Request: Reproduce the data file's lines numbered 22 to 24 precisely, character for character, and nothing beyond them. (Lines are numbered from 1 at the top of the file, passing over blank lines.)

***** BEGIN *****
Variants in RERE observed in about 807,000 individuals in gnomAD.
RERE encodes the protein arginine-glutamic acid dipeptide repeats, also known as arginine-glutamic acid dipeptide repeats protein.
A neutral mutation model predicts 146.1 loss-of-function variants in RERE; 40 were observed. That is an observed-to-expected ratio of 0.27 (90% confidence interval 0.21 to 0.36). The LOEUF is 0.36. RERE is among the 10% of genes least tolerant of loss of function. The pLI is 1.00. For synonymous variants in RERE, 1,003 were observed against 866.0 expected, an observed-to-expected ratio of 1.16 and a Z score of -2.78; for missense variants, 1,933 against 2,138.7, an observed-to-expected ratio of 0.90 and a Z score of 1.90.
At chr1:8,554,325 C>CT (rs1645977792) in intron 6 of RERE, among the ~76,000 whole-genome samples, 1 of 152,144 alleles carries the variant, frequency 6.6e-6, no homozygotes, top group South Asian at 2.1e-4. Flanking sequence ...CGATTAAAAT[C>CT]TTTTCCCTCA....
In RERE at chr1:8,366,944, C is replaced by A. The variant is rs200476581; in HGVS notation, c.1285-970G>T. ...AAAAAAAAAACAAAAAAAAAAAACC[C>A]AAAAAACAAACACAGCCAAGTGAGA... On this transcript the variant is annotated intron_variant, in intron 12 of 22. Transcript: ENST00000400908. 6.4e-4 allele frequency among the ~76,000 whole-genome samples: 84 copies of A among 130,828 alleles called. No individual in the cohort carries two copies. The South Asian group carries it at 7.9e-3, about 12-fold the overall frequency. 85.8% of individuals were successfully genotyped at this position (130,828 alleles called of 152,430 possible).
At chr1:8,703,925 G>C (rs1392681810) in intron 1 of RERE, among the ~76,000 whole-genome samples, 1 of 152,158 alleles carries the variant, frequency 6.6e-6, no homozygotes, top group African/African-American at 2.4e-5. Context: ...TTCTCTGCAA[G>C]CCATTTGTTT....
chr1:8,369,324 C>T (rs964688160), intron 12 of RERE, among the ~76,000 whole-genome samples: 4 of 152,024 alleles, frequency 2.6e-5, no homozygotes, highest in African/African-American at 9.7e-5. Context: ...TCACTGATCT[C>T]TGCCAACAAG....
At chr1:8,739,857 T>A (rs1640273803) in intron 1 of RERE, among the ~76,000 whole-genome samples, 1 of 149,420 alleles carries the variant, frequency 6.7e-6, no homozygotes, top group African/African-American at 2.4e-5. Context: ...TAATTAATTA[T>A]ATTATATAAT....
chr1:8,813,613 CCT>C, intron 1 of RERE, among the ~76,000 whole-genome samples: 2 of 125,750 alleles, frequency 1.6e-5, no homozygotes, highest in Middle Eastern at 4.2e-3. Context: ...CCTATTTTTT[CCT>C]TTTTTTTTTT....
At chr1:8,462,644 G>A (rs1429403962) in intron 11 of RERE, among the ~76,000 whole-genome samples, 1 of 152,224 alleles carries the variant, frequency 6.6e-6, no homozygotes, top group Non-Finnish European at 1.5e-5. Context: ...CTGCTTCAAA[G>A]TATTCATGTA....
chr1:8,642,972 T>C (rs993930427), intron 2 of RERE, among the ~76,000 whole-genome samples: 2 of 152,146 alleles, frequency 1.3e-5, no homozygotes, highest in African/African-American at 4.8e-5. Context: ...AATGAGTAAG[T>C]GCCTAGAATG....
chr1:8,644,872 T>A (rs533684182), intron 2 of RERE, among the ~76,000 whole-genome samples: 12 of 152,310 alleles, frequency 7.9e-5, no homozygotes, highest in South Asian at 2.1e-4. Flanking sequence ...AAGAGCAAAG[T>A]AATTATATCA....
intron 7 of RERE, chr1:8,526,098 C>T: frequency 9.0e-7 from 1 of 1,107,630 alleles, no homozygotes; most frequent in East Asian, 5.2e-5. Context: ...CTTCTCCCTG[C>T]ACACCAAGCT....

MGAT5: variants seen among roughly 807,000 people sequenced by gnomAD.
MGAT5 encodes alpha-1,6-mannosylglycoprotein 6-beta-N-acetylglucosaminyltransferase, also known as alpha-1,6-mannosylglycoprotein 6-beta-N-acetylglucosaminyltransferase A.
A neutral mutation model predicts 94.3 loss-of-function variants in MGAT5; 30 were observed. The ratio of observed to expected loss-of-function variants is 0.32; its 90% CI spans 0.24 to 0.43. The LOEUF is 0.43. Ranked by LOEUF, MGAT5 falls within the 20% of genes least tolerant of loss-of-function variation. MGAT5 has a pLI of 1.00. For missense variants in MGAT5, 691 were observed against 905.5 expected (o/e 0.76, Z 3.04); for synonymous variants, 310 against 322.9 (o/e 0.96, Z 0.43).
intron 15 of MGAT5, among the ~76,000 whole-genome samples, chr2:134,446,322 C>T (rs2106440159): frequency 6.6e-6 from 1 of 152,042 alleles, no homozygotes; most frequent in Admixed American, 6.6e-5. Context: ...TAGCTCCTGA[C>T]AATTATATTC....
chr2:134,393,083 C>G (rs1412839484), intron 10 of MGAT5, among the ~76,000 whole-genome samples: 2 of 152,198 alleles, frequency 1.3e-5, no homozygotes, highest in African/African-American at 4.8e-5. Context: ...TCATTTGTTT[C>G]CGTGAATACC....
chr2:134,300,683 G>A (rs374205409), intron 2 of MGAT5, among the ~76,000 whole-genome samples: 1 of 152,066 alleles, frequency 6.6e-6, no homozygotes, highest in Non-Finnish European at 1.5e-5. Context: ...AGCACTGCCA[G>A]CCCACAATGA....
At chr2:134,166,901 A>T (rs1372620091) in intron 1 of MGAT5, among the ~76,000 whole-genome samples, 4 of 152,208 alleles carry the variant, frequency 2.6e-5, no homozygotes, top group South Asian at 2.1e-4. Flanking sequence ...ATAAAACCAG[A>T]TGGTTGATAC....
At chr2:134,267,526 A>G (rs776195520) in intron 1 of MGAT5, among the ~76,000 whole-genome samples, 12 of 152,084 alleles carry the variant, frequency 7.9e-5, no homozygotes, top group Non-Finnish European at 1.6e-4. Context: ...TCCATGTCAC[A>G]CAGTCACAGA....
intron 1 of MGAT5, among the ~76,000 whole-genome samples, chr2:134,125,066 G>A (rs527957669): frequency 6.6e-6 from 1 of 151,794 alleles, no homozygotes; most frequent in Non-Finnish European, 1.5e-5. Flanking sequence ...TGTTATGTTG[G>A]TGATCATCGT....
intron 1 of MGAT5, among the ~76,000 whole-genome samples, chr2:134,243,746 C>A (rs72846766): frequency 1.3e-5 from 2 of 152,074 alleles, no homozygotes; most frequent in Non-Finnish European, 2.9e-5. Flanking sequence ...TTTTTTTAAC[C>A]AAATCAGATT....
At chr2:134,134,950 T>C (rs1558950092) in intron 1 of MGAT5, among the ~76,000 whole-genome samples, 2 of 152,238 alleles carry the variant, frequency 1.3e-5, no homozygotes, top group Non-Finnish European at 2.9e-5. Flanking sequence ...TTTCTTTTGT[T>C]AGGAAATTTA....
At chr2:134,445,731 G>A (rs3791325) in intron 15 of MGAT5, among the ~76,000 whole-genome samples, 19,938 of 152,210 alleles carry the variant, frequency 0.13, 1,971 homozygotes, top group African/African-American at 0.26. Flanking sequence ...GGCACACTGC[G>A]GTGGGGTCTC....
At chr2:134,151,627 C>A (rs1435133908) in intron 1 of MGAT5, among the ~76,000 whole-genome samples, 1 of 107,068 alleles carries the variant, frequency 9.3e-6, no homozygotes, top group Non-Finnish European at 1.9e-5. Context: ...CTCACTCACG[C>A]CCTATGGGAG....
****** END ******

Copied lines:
intron 1 of MGAT5, among the ~76,000 whole-genome samples, chr2:134,125,066 G>A (rs527957669): frequency 6.6e-6 from 1 of 151,794 alleles, no homozygotes; most frequent in Non-Finnish European, 1.5e-5. Flanking sequence ...TGTTATGTTG[G>A]TGATCATCGT....
intron 1 of MGAT5, among the ~76,000 whole-genome samples, chr2:134,243,746 C>A (rs72846766): frequency 1.3e-5 from 2 of 152,074 alleles, no homozygotes; most frequent in Non-Finnish European, 2.9e-5. Flanking sequence ...TTTTTTTAAC[C>A]AAATCAGATT....
At chr2:134,134,950 T>C (rs1558950092) in intron 1 of MGAT5, among the ~76,000 whole-genome samples, 2 of 152,238 alleles carry the variant, frequency 1.3e-5, no homozygotes, top group Non-Finnish European at 2.9e-5. Flanking sequence ...TTTCTTTTGT[T>C]AGGAAATTTA....